In May 1992, G. Keith Richardson, an adult Scout leader and Eagle Scout, sought a job as a Professional Scouter with the Chicago Area Council of Boy Scouts of America. When he asked Council staff whether BSA would consider a gay man for the position, they told him, "No way is the Boy Scouts of America about to give a job to a homosexual." Keith decided not to apply, believing that to do so would be futile. With the assistance
of the ACLU, Keith filed a complaint (Web Page or PDF File) on May 21, 1992 with the Chicago Commission on Human Relations charging that the Council had discriminated against him on the basis of his
sexual orientation, in violation of the Chicago Human Rights Ordinance.
It was not until 1995 that a
hearing was finally held on Keith's complaint. On September 19, 1995, the hearing officer for the City of Chicago Commission on Human Relations issued a preliminary decision that the policy of the Chicago Area Council prohibiting the employment of homosexuals in professional scouting positions violates the City's Human Rights Ordinance.
In a seventy-five-page decision (Web Page or PDF File), Hearing Officer Jeffrey L. Taren rejected BSA's claim to be a religious organization exempt from coverage of the ordinance. Taren also stated that BSA's First Amendment right to expressive association had not been violated because opposition to homosexuality is not an expressive goal of the Chicago Area Council.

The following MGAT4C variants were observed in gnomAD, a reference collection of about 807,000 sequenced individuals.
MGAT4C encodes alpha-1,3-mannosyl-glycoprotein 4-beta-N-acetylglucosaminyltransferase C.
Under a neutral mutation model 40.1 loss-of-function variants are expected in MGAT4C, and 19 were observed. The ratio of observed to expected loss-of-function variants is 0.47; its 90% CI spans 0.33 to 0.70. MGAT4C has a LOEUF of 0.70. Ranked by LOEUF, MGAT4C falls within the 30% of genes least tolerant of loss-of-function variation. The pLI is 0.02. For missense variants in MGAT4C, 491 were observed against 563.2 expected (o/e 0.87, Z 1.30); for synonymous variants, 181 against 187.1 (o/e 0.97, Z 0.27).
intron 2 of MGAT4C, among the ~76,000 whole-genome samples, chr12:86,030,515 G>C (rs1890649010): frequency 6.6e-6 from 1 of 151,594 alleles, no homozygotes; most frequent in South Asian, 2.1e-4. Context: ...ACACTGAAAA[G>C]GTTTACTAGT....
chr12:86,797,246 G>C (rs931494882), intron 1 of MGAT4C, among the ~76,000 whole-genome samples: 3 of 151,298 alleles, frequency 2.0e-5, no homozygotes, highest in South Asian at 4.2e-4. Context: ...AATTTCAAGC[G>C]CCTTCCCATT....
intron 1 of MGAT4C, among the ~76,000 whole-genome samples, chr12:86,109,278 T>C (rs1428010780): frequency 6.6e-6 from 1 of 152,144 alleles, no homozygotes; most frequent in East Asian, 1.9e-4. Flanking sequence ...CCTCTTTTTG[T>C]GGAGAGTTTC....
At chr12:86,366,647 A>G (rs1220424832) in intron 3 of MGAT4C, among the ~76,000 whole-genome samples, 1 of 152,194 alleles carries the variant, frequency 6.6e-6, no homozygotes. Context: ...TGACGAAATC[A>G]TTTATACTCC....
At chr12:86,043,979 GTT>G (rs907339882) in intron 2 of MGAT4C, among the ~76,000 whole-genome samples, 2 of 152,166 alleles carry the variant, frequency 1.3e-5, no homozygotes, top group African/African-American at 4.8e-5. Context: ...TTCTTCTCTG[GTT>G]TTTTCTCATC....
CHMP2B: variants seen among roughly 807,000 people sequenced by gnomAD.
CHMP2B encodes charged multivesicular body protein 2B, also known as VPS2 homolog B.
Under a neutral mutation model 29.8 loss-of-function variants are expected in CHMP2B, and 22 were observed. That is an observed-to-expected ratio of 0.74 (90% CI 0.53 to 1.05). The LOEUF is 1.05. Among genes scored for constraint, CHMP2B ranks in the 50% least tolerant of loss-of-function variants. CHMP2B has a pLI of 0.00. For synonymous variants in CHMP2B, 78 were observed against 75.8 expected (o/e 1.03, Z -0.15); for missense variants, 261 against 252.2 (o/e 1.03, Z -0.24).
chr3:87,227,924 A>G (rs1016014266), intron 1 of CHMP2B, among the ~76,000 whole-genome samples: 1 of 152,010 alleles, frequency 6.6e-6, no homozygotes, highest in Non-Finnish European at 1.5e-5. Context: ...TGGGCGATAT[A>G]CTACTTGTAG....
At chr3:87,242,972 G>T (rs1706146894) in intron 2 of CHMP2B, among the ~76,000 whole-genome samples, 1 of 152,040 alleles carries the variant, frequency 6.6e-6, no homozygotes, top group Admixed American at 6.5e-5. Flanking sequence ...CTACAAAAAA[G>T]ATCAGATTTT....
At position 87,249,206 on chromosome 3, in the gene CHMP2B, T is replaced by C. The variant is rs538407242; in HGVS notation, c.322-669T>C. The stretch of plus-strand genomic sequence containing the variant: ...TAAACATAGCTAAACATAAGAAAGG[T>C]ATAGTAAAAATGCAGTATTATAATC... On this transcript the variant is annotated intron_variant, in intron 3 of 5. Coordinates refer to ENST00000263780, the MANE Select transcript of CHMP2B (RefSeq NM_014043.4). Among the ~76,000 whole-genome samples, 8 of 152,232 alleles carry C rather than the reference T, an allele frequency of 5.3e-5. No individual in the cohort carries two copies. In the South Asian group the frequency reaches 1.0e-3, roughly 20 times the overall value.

The Hearing Officer rejected all of BSA's defenses, including the
proposition that there was actually an expressive goal that the Boy Scouts have against homosexuality. He noted that numerous witnesses were totally unaware of such a policy, that scouting did not deal with sexual orientation at all, and that the policy against homosexuality was unknown to most Boy Scouts or even to many of the local councils for many years.
Among the evidence cited by the Hearing Officer was the
testimony of William McClaughlin, director of personnel administration for the National Council of Boy Scouts of America. When they asked McClaughlin whether someone who said he was proud to lead a gay and lesbian parade and was proud of the achievement of many members of the City's gay and lesbian communities should be associated with Scouting, he replied, "I do not." Those remarks, unbeknownst at the time to Mr. McClaughlin,